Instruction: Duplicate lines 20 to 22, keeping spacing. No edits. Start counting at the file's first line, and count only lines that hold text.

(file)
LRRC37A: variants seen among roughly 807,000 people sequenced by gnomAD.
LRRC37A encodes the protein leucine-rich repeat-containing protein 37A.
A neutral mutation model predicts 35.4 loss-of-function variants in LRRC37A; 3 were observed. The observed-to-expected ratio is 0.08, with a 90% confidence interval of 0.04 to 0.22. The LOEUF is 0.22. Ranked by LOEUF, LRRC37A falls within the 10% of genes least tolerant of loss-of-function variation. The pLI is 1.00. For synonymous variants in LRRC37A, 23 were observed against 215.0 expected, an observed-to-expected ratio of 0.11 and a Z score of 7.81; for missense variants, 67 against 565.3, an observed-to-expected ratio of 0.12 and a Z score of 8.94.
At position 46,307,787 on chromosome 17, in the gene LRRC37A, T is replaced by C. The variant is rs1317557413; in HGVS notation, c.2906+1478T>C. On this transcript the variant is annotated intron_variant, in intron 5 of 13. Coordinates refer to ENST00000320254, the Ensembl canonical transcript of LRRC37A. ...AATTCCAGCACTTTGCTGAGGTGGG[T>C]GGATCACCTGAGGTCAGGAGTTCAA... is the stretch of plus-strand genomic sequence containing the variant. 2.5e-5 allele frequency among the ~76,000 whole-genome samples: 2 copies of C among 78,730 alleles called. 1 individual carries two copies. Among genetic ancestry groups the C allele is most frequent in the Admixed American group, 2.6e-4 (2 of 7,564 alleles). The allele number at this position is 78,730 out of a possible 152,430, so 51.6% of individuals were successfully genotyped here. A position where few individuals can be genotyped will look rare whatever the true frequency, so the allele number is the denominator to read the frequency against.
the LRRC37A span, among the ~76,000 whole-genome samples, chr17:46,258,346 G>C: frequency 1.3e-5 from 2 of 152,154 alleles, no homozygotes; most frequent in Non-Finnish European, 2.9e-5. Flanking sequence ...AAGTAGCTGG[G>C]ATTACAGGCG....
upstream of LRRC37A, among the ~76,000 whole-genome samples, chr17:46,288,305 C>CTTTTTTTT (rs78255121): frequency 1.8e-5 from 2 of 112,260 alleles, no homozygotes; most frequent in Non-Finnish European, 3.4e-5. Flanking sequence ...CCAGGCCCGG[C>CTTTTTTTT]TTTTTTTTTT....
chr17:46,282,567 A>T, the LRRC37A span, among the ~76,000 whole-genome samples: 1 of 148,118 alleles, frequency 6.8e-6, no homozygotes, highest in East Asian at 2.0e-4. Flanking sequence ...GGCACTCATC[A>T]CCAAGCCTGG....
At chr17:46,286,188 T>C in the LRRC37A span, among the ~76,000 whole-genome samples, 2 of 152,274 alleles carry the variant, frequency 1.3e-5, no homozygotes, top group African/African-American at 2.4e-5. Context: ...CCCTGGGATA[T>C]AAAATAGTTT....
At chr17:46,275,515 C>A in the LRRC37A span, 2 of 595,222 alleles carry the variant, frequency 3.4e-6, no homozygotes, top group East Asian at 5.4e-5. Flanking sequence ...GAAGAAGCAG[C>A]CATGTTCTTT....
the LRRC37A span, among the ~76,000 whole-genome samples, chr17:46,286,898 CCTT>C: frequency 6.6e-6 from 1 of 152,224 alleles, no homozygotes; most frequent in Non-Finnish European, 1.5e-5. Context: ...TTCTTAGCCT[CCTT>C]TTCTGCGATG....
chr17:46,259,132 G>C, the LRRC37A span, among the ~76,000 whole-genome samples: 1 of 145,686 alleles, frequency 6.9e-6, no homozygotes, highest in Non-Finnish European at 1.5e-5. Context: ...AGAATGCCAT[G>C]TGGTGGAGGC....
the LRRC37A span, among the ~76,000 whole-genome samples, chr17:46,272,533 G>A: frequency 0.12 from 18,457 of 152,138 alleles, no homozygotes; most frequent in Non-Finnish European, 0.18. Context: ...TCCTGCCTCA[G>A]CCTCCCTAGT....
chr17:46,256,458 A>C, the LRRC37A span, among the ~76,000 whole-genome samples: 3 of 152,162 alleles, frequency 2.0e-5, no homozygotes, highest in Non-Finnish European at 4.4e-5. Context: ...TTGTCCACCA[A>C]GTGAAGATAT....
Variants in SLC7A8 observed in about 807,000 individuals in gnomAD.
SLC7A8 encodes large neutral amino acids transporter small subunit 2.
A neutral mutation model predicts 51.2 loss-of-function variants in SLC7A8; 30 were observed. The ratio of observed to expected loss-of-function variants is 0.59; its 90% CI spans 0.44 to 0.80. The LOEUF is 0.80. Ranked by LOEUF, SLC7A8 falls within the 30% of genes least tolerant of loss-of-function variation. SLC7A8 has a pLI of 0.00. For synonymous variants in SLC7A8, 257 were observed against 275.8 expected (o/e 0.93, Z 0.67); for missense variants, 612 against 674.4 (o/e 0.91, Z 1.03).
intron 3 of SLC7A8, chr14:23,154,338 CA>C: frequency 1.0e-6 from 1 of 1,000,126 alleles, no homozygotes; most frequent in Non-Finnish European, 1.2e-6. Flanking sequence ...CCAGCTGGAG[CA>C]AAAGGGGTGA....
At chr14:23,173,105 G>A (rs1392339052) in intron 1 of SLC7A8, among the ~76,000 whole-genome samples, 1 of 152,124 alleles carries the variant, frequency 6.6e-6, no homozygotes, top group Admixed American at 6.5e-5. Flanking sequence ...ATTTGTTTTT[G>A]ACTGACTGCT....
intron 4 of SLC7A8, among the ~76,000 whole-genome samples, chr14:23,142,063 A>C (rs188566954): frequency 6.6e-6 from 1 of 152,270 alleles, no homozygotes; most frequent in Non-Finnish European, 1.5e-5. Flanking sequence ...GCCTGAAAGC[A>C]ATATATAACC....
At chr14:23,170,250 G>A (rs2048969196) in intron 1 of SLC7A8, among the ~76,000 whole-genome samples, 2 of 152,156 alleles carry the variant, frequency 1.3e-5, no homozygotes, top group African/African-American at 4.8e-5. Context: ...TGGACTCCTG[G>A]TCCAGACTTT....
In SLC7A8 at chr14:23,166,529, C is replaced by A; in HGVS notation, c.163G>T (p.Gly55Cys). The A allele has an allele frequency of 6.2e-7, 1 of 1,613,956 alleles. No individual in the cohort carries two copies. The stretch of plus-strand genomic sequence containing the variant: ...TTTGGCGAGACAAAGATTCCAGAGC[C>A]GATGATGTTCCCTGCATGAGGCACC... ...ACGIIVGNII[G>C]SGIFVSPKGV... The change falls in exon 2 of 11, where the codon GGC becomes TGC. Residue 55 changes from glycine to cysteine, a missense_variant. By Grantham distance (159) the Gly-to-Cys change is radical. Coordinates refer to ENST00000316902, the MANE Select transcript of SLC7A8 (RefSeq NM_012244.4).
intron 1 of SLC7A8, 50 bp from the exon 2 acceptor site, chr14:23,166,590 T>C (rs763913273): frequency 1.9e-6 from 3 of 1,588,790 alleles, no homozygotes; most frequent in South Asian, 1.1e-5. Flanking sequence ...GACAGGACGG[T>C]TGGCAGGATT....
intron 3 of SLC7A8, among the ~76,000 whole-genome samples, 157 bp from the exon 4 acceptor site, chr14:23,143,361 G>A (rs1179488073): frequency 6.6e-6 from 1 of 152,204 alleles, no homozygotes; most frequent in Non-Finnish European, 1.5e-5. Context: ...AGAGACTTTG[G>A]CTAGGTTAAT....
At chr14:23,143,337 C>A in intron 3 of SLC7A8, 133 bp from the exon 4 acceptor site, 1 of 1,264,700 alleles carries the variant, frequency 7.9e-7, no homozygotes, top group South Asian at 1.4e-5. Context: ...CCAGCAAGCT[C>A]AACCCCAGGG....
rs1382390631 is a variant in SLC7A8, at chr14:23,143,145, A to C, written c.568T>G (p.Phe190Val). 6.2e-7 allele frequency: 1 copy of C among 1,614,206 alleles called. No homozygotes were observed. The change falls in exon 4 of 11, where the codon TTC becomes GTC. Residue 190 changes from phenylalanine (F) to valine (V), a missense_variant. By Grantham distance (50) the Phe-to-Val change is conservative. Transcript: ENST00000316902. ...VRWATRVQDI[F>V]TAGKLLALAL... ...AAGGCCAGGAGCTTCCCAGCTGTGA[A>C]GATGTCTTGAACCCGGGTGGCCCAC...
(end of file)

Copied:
At chr14:23,170,250 G>A (rs2048969196) in intron 1 of SLC7A8, among the ~76,000 whole-genome samples, 2 of 152,156 alleles carry the variant, frequency 1.3e-5, no homozygotes, top group African/African-American at 4.8e-5. Context: ...TGGACTCCTG[G>A]TCCAGACTTT....
In SLC7A8 at chr14:23,166,529, C is replaced by A; in HGVS notation, c.163G>T (p.Gly55Cys). The A allele has an allele frequency of 6.2e-7, 1 of 1,613,956 alleles. No individual in the cohort carries two copies. The stretch of plus-strand genomic sequence containing the variant: ...TTTGGCGAGACAAAGATTCCAGAGC[C>A]GATGATGTTCCCTGCATGAGGCACC... ...ACGIIVGNII[G>C]SGIFVSPKGV... The change falls in exon 2 of 11, where the codon GGC becomes TGC. Residue 55 changes from glycine to cysteine, a missense_variant. By Grantham distance (159) the Gly-to-Cys change is radical. Coordinates refer to ENST00000316902, the MANE Select transcript of SLC7A8 (RefSeq NM_012244.4).
intron 1 of SLC7A8, 50 bp from the exon 2 acceptor site, chr14:23,166,590 T>C (rs763913273): frequency 1.9e-6 from 3 of 1,588,790 alleles, no homozygotes; most frequent in South Asian, 1.1e-5. Flanking sequence ...GACAGGACGG[T>C]TGGCAGGATT....